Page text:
After executing the test, results are reported through any configured listeners. A script can have one or several listeners attached to it (see recipes in Chapter 7, Building, Debugging, and Analyzing the Results of Test Plans).

There's more…

Scripts can also be executed in what JMeter refers to as non-GUI mode, which is completely on the command line without launching the JMeter GUI. To do this, instead of executing jmeter.bat or JMeter, like we did in step 4, we'll use certain JMeter command-line arguments to specify the test script and the resulting output file, which we can then go back and view with the JMeter GUI after the tests are executed.

On Unix/Mac OS, type in the following command:

./jmeter -n -t [path to test script] -l [path to results files]

On Windows, type in the following command:

jmeter.bat -n -t [path to test script] -l [path to results files]

An example of running in non-GUI mode

Here is an example of running code in non-GUI mode: This is how we executed the google_simulation.jmx test script in our bundled sampled in non-GUI mode. As you can see, we supplied parameters –n and –t and the absolute path to where our script is located (/Users/berinle/workspace/jmeter-cookbook/ch1/google_simulation.jmx) followed by the path to the results file (/Users/berinle/workspace/jmeter-cookbook/ch1/google_simulation_result.csv).

./jmeter -n -t /Users/berinle/workspace/jmeter-cookbook/ch1/google_simulation.jmx -l /Users/berinle/workspace/jmeter-cookbook/ch1/google_simulation_result.csv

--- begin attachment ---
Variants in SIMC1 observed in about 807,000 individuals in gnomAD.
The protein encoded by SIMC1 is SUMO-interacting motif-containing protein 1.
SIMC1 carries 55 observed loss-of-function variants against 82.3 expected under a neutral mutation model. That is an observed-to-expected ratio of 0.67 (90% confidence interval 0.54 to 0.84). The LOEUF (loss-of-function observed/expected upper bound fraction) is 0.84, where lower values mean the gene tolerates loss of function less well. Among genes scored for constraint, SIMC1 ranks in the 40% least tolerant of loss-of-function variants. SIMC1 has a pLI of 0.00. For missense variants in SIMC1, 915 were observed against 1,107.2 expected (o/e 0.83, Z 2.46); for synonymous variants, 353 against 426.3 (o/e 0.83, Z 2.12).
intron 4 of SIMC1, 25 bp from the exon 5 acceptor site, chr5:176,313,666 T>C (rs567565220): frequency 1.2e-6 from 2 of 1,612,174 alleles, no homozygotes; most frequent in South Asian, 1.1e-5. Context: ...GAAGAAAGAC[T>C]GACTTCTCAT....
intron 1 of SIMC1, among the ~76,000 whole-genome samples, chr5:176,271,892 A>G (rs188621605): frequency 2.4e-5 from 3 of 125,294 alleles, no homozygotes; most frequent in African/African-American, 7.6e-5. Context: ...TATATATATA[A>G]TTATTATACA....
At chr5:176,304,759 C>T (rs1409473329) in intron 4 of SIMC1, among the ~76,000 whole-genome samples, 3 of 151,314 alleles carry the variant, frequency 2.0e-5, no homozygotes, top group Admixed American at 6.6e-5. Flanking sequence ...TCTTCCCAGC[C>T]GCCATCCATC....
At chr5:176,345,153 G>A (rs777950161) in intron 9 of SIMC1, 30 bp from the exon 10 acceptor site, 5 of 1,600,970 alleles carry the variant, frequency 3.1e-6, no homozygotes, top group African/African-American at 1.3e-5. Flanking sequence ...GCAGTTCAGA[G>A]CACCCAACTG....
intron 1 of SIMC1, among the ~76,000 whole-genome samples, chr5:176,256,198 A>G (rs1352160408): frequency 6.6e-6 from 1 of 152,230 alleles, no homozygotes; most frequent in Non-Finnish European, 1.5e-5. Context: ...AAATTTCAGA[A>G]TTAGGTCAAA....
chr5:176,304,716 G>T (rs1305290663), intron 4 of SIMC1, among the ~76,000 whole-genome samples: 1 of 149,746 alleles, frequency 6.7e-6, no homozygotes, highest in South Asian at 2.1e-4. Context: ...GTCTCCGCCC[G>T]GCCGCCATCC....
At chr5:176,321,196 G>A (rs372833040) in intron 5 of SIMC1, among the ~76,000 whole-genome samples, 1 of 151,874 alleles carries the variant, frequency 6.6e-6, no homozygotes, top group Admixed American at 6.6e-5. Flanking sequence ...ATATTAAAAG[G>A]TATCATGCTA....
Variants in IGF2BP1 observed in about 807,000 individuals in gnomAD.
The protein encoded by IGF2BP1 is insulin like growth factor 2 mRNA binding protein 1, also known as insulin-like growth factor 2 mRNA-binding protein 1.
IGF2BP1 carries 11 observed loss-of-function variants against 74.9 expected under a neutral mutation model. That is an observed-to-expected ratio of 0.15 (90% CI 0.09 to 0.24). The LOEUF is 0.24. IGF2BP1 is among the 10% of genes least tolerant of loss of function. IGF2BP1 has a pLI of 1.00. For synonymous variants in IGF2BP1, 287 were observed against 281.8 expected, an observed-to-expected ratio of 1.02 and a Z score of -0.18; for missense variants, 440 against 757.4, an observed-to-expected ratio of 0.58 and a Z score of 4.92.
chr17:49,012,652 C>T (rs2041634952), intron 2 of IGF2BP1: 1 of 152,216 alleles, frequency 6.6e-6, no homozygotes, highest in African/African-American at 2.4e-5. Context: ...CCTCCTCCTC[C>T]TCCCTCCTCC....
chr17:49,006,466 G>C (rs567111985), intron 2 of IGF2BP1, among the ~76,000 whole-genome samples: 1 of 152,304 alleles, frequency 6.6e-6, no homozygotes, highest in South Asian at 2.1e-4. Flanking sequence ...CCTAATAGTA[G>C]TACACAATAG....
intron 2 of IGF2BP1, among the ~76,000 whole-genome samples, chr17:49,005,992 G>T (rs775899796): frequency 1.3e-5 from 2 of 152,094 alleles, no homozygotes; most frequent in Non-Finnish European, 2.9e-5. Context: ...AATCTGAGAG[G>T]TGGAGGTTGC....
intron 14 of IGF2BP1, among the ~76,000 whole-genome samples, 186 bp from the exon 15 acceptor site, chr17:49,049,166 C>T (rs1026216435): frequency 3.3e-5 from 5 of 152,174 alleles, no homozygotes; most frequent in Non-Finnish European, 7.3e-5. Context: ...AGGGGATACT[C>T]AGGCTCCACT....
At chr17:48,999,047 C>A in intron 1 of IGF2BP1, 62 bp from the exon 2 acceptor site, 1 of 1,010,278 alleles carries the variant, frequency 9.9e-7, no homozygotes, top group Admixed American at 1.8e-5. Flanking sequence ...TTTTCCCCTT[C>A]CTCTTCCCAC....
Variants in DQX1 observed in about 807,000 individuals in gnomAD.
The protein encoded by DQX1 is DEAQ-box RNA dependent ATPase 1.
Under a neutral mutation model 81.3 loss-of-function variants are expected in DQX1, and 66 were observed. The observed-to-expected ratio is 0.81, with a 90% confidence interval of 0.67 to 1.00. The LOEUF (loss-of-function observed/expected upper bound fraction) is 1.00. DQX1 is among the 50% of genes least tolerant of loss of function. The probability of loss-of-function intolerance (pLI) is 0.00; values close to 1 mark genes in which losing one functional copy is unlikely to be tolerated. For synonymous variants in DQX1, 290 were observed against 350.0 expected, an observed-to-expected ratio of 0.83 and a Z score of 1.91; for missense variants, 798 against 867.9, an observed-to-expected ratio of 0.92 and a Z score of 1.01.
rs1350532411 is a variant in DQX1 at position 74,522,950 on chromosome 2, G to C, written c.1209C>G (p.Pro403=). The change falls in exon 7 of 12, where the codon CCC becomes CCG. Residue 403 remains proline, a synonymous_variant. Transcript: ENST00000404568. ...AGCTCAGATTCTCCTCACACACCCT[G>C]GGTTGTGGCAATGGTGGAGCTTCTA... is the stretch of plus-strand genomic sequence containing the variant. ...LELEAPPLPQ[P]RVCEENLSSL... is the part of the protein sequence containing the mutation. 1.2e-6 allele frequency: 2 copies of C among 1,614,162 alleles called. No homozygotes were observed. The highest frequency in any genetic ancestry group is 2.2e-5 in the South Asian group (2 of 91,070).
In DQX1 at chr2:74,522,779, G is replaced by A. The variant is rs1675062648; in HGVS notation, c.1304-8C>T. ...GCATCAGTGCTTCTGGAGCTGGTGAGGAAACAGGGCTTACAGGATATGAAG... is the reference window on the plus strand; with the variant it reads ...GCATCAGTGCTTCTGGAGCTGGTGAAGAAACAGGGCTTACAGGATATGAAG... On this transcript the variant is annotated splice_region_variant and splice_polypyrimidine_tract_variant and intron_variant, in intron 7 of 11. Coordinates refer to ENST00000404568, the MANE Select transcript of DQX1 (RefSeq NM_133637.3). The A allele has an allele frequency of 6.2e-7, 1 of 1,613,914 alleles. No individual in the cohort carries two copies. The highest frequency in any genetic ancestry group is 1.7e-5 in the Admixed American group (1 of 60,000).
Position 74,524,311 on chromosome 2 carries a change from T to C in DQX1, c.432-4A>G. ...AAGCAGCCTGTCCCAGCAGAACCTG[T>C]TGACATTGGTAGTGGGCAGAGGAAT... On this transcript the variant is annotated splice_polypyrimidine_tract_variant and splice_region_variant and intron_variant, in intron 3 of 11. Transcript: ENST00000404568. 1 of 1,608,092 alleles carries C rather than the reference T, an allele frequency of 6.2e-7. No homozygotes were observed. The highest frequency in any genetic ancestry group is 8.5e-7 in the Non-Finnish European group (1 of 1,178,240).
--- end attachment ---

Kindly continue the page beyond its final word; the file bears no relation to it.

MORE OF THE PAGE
Created the tree successfully using /Users/berinle/workspace/jmeter-cookbook/ch1/google_simulation.jmx.

Starting the test @ Tue Feb 25 05:07:45 EST 2014 (1393322865378)

Waiting for possible shutdown message on port 4445.

Tidying up ... @ Tue Feb 25 05:08:46 EST 2014 (1393322926156)

... end of run

Tip

Downloading the example code

You can download the example code files for all Packt books you have purchased from your account at http://www.packtpub.com. If you purchased this book elsewhere, you can visit http://www.packtpub.com/support and register to have the files e-mailed directly to you.

To view the results after the test has been executed, open up the JMeter GUI, create a new test plan, and add a listener to it by navigating to Test plan | Add | Listener | Aggregate Report. Click on the Browse… button to navigate to the location of the results file and open it. This is demonstrated in the following screenshot:

Viewing the results of a test run

There are several reasons why you might want to execute a test in non-GUI mode. Some of the reasons include:

  • Running on a Unix machine with no GUI layer (that is, the JMeter GUI does not even open up)

  • Running a distributed test

  • Performance reasons of the JMeter GUI, which can sometimes be resource intensive; running in non-GUI mode alleviates this issue

 

Recording a script via HTTP(S) Test Script Recorder


Recording scripts is where you will spend most of your time. It is often the first step to develop test plans for applications. Though you can develop test plans manually by building them from within the JMeter GUI, or generating them via some domain-specific language (DSL), recording scripts by JMeter's HTTP(S) Test Script Recorder is one of the available options you have when building your test plans.

How to do it…

In this recipe, we cover how to record test scripts with HTTP(S) Test Script Recorder. Perform the following steps:

  1. Start JMeter. Perform the following steps:

    • Open the command-line prompt

    • Change to the directory of your JMeter install (JMETER_HOME)

    • Change to the bin directory

    • Execute the following command:

      For Windows, type the following command:

      	jmeter.bat
      

      For Mac OS/Unix, type the following command:

      	./jmeter
      
  2. Once the GUI is opened, click on the Templates… button (the icon that appears immediately to the right of the new test plan icon) on the toolbar.

    Note